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A Top Tier Golf Course

Past communications from Flato have described a top-tier gold course for the property. There are a two reasons why a top-tier golf course is of concern on this land: exclusivity and environmental concerns.

1. An  Exclusive Community

According to Flato, this will be a "top tier" golf course, designed by Doug Carrick.

Although Flato claims that it wants to build community, Carrick designed golf courses are designed to be exclusive.

The numbers:
               $100: The average green fee for one of the fourteen Carrick--designed courses in Ontario.
                  $44: The average green fee for 14 golf courses within an hour's drive of Cameron

           $40,000: The initiation fee for Predator Ridge, a top tier Douglas Carrick designed golf course surrounded by multi-million dollar estate homes in B.C.

            $45,000: The initiation fee for Predator Ridge if you don't live in one of the estate homes.

              $4,950: Annual dues for members of Predator Ridge golf course.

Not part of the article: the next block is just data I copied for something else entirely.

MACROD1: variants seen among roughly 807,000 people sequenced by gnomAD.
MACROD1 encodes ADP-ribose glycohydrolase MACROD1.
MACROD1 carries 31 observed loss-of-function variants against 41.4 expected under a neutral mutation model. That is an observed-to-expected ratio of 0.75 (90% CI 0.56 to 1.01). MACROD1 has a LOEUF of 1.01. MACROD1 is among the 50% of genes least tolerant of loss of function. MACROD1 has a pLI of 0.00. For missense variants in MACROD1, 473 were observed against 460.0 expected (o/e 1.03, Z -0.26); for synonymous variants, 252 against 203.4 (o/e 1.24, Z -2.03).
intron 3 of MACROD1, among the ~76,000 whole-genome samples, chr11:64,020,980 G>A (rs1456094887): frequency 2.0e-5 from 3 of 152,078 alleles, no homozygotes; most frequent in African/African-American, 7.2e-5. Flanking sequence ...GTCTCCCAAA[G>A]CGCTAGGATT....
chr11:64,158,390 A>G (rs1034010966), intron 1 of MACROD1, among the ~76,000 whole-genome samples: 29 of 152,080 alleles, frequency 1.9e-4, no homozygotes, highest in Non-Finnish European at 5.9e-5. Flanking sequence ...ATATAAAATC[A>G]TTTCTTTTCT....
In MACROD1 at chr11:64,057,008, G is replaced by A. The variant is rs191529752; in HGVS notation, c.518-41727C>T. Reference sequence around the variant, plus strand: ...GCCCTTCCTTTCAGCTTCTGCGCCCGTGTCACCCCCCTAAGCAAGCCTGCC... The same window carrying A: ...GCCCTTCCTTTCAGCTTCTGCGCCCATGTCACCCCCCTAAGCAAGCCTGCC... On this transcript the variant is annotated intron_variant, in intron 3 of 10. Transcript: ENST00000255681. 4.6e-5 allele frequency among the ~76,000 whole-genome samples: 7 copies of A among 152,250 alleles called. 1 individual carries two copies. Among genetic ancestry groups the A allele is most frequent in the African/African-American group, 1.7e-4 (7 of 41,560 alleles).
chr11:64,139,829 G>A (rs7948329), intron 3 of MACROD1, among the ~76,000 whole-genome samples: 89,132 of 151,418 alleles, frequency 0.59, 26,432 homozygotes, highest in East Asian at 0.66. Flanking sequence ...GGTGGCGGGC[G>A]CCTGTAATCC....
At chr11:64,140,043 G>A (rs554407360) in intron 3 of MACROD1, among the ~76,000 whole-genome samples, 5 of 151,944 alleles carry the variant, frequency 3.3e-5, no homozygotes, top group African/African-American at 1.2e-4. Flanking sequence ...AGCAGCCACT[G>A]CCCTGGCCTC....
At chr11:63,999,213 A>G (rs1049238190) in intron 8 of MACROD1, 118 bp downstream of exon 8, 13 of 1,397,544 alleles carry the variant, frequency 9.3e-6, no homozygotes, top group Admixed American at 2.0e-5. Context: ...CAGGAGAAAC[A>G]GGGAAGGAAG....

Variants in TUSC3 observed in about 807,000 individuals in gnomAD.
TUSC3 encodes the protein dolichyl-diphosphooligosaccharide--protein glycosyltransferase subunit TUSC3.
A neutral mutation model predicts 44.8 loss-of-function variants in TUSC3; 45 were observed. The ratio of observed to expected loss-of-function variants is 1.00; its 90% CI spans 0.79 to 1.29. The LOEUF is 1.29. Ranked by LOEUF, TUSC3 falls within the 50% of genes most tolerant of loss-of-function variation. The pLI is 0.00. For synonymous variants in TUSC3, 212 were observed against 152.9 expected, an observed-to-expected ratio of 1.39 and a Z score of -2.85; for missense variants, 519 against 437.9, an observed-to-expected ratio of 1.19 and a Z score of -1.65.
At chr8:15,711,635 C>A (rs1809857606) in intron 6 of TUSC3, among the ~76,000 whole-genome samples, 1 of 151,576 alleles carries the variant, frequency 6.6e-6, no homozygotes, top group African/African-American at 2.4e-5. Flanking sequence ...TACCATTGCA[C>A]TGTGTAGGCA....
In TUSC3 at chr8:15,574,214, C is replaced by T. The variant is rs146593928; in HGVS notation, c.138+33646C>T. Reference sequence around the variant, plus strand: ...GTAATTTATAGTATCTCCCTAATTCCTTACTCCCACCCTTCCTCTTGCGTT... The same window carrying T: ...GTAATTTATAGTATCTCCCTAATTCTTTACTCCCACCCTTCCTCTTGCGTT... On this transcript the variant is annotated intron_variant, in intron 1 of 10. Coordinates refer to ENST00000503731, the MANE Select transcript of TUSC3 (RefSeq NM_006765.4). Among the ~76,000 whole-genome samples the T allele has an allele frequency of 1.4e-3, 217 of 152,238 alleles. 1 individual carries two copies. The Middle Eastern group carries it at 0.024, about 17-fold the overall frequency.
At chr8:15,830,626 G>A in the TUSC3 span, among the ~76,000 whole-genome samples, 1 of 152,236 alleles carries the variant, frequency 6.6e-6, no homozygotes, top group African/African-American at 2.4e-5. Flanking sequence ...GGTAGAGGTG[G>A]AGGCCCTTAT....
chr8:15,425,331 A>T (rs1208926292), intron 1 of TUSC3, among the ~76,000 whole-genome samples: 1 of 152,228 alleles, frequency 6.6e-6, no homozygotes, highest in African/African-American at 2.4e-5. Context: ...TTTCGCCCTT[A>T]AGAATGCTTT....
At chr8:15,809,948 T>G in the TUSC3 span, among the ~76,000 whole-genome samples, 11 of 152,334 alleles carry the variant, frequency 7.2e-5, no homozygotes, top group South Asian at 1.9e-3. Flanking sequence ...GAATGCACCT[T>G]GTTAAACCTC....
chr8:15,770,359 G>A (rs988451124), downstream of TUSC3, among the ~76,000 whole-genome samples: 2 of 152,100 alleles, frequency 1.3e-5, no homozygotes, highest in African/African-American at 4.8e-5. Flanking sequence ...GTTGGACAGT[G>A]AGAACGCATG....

$200: Green fees for non-members at Predator Ridge.
                      <1%: The percentage of current community members that can afford Flato's new Cameron golf course.
This will be a top-tier golf course surrounded by estate homes that will not be available to most current members of our community.

2. Golf Courses are Environmental Disasters

As is well known, the fairways and greens on golf courses are maintained with the assistance of large amounts of herbicides (to kill unwanted weeds) and pesticides. These toxins are washed into the water table and the lake, contaminating drinking water and destroying habitat.

Although course designers indicate that ponds will collect the run-off from the golf course, this does not take into account the character of the site, which is an alvar, a very thin layer of soil over limestone and rock. In such a topography, water does not absorb easily and will drain readily into the groundwater that feeds local wells and drains into the lake.

In addition, enormous amounts of water are used to keep fairways and greens lush and green during hot summers. Since this land consists of a very thin layer of soil on limestone, it will need even more water than usual. As current residents can attest, such water is in short supply in Cameron.

Even more importantly, this land currently contains at-risk species of plants and birds whose habitat will be destroyed during construction. See more here.


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